As part of the Dodd-Frank Wall Street Reform and Consumer Protection Act of 2010 (“Dodd-Frank”), Congress passed the Private Fund Investment Advisers Registration Act of 2010 (“Act”). The Securities and Exchange Commission (“SEC”) recently adopted rules to implement the Act that will significantly impact many private fund managers. Notably, the Act eliminates the “private adviser exemption” and adjusts the jurisdictional boundaries between federal and state regulation of investment advisers. Under the new regulatory framework, investment advisers with assets under management (“AUM”) of (i) $100 million or more will generally be required to register with the SEC (advisers to solely private funds with AUM of less than $150 million are exempt from registration); (ii) between $25 million and $100 million will generally be required to register at the state level (if the adviser’s home state does not require registration or examination, the advisor will be required to register with the SEC); and (iii) $25 million and under will generally be required to register at the state level (subject to exemption).
The SEC also implemented changes to the reporting, disclosure and record keeping requirements of investment advisers. The new rules include significant changes to Form ADV and to the reporting requirements of registered investment advisers regarding private funds, as well as requiring a new category of advisers – exempt reporting advisers – to file the SEC’s new Form ADV, Part 1A.
Both existing and newly formed advisers are strongly encouraged to consult with qualified legal counsel to determine how the new regulatory framework will affect their respective registration statuses. For further reference, below is a general overview of the registration process.
- Manually complete entitlement forms: In order to register as an investment adviser, the first step is to complete the entitlement forms that can be found in the Investment Adviser Registration Depository (“IARD”) entitlement packet. It is important that each manager select the form appropriate to its filing requirements.
- Pay all applicable fees, such as the IARD firm system processing fee, firm state registration fees, investment adviser representative system processing fees, investment adviser representative state registration filing fees, etc.
- Complete Form ADV Part I: Form ADV Part I is available within the IARD system, and includes basic identification questions as well as a list of disclosure questions regarding each investment adviser. The purpose of completing this form is to ensure that the investment adviser’s information is publicly available through the IARD website.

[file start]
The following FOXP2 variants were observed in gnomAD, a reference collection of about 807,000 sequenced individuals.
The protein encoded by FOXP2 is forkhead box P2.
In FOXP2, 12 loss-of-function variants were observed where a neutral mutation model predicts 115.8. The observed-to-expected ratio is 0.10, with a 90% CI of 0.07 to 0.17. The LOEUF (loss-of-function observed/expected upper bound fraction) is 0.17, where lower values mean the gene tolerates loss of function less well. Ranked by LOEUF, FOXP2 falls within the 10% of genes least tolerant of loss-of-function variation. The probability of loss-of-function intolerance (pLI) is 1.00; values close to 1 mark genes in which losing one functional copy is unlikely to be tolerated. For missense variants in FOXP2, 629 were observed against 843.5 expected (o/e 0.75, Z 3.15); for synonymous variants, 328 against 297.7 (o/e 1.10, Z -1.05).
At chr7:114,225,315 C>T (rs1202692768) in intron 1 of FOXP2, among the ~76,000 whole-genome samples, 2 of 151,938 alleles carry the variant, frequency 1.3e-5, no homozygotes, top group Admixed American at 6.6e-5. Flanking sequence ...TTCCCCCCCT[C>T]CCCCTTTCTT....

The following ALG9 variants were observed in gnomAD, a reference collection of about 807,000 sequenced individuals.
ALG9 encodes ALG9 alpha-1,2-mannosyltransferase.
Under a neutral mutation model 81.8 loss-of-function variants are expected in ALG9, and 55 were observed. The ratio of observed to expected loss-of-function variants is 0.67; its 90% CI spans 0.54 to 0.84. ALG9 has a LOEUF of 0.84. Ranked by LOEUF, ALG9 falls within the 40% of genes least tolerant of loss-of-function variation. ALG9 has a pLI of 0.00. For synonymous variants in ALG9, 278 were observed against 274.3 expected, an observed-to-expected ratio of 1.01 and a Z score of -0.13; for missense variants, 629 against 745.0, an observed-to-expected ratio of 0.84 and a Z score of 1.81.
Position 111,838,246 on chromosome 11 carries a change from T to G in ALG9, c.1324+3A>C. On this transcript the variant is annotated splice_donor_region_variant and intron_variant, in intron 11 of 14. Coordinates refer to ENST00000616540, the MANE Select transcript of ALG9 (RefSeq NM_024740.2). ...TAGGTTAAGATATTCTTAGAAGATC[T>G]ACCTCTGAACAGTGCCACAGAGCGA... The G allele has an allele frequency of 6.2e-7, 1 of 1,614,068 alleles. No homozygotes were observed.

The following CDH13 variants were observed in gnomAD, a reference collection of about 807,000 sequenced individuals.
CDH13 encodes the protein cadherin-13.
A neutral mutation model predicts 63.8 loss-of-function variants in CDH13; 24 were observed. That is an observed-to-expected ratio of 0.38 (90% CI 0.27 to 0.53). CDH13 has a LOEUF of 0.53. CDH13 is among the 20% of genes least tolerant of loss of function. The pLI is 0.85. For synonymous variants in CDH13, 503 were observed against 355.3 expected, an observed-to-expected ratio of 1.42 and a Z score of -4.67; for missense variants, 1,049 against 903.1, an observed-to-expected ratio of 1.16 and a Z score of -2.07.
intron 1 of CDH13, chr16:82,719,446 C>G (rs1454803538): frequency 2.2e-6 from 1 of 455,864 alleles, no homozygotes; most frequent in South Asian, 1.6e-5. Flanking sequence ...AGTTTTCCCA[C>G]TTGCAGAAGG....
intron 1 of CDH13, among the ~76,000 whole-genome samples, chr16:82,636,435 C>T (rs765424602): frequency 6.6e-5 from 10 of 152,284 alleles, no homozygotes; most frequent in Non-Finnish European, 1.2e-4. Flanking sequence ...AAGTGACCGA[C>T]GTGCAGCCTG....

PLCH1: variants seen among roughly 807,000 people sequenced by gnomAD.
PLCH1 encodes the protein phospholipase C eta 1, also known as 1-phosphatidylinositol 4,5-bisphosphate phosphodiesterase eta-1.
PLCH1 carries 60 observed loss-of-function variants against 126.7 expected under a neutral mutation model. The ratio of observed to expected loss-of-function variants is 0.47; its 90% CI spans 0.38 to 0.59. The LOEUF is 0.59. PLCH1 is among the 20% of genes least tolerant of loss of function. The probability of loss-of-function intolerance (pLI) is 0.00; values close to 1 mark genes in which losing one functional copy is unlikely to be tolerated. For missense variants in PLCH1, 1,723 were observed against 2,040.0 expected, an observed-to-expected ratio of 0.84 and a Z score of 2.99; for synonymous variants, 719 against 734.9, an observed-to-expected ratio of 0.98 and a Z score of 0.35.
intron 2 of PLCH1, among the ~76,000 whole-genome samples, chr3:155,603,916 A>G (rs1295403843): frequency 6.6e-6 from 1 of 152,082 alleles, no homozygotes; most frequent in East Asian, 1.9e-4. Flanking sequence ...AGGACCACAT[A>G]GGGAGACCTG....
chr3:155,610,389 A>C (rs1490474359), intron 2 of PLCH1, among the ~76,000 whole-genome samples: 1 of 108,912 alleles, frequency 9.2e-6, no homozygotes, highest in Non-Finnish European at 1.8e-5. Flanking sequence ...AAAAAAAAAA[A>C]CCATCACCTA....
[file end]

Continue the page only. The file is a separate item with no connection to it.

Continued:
- Complete Form ADV Part II: Form ADV Part II is no longer completed in checkbox format; it now must be completed as a written firm brochure, including all required written supplemental brochures, as an exhibit to Part I that all clients and potential clients will receive. The firm brochure should be a brief overview of the firm’s business practices. Each supplemental brochure should provide further explanation of the answers in each investment adviser’s Form ADV Part I.
- Form U4: Form U4 can also be found in the IARD system and must be completed for all investment adviser representatives. For state registered investment advisers, each investment adviser representative will be subject to certain proficiency requirements. It varies by state, but typically all representatives must pass either the Series 65 exam or the Series 66 exam and the Series 7 exam (however, many states waive the proficiency requirements with respect to representatives who possess certain industry certifications, such as CFPs and CFAs).
In addition to the steps above, each adviser’s hedge fund attorney should help prepare an appropriate investment management agreement for the adviser and develop appropriate compliance infrastructure, as required on a state-by-state basis.
The investment adviser registration process varies in length for each state – and even within states for different advisers depending on the adviser’s responsiveness, the assigned examiner, etc. – but can generally be completed within six weeks. SEC registrations tend to be more streamlined and can typically be completed within four weeks or less.
Please contact us for a free consultation if you have any questions regarding the investment adviser registration process.